He also noted that while all metrics grew, from the number of deals to exits, from new international investors to new local early-stage investors, the weight of mega deals to total funding and the fact that most of them It also claims the fact that it is from non-Africa in America. Concentrated investors are increasing their reliance on foreign capital. “But at the same time, it can open up opportunities for local funds to gain ground and close better deals,” he added.
Partech Africa general partner Tidjane Deme says more focus needs to be placed on how startups are starting to embrace debt financing. With 71 debt deals (65% year-on-year) he accounted for $1.55 billion (106% year-on-year), Partech said in its report that debt will become the asset class driving investment in 2022. It is said that it has confirmed that it is strengthening the influence of African technology ecosystem.
Cleantech and fintech start-ups are building sophisticated and sophisticated businesses, attracting a new generation of debt capital providers with creative structures. Examples include MFS Africa and Solarise Africa. However, the number of active debt investors on the African continent has increased 2.5 times over the last year — with a good mix of local debt institutions, international lenders with emerging market vehicles and development finance institutions (DFIs). — Deme believes the market needs more debt funds. Along with the likes of Symbiotics and Lendable, it provides ample capital for startups that are beginning to appreciate its importance.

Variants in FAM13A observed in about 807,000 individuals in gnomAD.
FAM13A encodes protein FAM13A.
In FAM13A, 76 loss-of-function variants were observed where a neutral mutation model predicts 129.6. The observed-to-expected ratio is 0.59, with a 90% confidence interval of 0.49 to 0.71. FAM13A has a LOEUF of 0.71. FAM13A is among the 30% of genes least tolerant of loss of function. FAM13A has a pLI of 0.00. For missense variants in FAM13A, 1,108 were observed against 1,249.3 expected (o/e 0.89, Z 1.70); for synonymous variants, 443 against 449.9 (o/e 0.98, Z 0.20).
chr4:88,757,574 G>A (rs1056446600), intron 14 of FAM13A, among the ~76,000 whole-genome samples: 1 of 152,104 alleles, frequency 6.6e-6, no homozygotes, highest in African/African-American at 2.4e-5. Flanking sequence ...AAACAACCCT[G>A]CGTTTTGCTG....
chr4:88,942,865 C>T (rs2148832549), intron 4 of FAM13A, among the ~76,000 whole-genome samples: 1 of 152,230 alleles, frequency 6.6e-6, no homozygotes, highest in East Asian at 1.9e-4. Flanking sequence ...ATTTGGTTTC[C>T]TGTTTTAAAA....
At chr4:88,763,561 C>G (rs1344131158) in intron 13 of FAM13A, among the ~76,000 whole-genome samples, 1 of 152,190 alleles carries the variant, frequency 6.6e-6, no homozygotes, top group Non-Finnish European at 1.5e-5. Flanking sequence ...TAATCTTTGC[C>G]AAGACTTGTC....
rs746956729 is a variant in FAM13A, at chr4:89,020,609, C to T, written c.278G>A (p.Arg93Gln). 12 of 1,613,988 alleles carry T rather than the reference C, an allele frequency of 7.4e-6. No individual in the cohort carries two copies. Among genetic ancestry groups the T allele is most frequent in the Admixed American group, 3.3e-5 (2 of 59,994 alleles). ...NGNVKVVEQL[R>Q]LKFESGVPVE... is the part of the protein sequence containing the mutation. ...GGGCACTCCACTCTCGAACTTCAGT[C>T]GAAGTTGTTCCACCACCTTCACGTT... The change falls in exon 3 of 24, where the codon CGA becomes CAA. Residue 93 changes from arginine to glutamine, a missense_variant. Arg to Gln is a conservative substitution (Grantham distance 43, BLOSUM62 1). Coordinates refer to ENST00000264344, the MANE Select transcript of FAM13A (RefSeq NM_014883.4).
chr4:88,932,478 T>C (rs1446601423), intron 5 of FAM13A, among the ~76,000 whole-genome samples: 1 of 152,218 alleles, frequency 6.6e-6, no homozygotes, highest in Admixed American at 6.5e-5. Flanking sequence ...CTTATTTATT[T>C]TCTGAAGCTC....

“we [Partech] I don’t take on debt, but I sit on the board of a company that encouraged me to take on more debt. At some point it was too early to create a venture debt fund. Because the pool of startups that needed it wasn’t deep enough. “Because we need a large pool of startups to absorb that debt before we can see a local dedicated fleet,” he said. “But I expect more companies like this to come, or existing equity players to decide to create debt vehicles to complement what they have to offer.”